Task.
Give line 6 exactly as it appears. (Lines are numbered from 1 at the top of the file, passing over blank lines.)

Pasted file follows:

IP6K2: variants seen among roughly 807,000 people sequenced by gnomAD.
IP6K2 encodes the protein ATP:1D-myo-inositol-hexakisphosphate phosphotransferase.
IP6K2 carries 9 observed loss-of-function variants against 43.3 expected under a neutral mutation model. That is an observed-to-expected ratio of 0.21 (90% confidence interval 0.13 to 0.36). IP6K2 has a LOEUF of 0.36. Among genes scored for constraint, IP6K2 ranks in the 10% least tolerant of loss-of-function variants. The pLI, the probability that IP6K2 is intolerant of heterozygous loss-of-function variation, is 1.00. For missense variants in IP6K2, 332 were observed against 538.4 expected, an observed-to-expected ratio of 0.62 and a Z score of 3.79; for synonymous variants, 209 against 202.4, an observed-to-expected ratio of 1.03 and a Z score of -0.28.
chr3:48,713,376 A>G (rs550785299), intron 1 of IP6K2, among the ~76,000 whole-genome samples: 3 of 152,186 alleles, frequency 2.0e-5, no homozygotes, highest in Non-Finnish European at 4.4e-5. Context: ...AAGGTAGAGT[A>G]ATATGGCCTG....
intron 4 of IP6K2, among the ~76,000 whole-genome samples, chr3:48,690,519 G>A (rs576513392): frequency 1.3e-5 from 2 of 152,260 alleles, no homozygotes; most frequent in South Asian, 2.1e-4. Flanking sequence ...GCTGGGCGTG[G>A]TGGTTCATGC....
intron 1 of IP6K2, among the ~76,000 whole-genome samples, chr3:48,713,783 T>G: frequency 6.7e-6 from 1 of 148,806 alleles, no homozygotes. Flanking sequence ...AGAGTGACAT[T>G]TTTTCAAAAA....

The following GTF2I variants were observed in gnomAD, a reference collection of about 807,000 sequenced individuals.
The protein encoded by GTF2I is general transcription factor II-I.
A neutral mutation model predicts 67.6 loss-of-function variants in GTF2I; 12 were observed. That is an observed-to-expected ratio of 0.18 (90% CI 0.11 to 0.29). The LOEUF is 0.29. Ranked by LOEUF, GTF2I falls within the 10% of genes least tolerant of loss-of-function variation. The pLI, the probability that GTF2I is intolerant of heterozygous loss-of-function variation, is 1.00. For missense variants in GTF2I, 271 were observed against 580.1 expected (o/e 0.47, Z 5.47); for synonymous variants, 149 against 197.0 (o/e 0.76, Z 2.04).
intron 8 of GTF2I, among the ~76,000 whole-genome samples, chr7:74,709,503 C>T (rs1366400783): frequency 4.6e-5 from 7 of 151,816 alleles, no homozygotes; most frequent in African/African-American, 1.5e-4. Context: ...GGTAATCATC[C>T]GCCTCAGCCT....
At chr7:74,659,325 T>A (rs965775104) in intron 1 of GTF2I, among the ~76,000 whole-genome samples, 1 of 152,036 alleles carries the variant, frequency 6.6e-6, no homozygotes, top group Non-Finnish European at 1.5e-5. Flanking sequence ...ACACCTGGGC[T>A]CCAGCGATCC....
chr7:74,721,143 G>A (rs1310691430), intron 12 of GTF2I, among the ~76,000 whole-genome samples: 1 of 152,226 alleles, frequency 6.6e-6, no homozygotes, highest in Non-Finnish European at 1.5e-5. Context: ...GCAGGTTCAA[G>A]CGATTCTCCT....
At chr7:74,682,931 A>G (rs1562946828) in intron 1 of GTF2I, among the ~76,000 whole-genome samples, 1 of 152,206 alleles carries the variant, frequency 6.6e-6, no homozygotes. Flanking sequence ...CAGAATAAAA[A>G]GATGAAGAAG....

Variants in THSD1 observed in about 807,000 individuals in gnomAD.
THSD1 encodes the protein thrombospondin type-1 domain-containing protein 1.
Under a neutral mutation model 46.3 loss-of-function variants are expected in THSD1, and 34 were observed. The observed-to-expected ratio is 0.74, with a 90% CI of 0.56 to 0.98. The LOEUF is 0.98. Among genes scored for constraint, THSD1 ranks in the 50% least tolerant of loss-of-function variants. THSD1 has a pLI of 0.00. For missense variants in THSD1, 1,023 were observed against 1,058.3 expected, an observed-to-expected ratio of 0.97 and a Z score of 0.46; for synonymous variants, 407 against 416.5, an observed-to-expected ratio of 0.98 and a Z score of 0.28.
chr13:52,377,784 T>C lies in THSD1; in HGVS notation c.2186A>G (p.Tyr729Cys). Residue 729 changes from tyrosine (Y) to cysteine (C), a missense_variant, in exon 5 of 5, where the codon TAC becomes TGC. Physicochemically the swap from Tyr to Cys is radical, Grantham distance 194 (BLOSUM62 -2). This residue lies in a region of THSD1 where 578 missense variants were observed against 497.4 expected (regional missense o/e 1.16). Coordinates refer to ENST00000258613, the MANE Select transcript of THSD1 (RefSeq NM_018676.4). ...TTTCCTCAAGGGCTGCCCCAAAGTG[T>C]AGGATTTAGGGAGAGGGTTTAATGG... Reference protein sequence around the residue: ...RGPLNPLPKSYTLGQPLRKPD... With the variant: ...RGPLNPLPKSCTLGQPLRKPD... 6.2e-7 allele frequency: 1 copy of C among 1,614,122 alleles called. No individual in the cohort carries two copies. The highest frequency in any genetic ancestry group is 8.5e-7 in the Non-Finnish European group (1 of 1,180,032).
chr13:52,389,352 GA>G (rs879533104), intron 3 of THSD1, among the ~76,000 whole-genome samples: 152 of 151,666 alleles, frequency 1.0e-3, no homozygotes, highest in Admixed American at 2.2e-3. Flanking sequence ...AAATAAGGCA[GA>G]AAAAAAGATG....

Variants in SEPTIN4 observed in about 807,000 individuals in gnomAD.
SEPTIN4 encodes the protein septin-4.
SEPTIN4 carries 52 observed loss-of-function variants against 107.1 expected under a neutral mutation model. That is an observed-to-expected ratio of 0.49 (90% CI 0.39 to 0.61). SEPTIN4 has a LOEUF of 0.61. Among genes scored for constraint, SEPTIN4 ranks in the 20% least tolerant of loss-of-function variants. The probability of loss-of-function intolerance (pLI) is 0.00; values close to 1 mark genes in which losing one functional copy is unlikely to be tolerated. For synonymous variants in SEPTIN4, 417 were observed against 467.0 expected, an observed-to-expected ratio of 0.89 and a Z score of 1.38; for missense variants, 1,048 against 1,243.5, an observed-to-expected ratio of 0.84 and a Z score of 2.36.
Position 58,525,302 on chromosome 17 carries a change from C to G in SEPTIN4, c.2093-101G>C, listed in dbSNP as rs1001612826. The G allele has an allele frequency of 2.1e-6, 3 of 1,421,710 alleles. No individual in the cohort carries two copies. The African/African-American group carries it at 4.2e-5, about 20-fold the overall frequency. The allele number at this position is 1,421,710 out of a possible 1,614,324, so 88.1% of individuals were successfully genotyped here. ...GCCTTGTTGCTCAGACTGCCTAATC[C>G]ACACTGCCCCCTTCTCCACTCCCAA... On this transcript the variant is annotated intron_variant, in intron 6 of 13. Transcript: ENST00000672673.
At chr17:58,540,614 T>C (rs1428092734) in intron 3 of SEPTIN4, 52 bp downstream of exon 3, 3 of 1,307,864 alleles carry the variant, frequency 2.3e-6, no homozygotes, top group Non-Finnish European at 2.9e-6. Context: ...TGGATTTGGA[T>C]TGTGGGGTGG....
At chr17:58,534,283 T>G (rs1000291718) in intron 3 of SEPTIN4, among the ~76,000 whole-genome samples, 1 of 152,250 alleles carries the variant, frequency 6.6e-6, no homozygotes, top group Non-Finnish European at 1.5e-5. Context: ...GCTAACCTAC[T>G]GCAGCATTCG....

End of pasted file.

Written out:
intron 1 of IP6K2, among the ~76,000 whole-genome samples, chr3:48,713,783 T>G: frequency 6.7e-6 from 1 of 148,806 alleles, no homozygotes. Flanking sequence ...AGAGTGACAT[T>G]TTTTCAAAAA....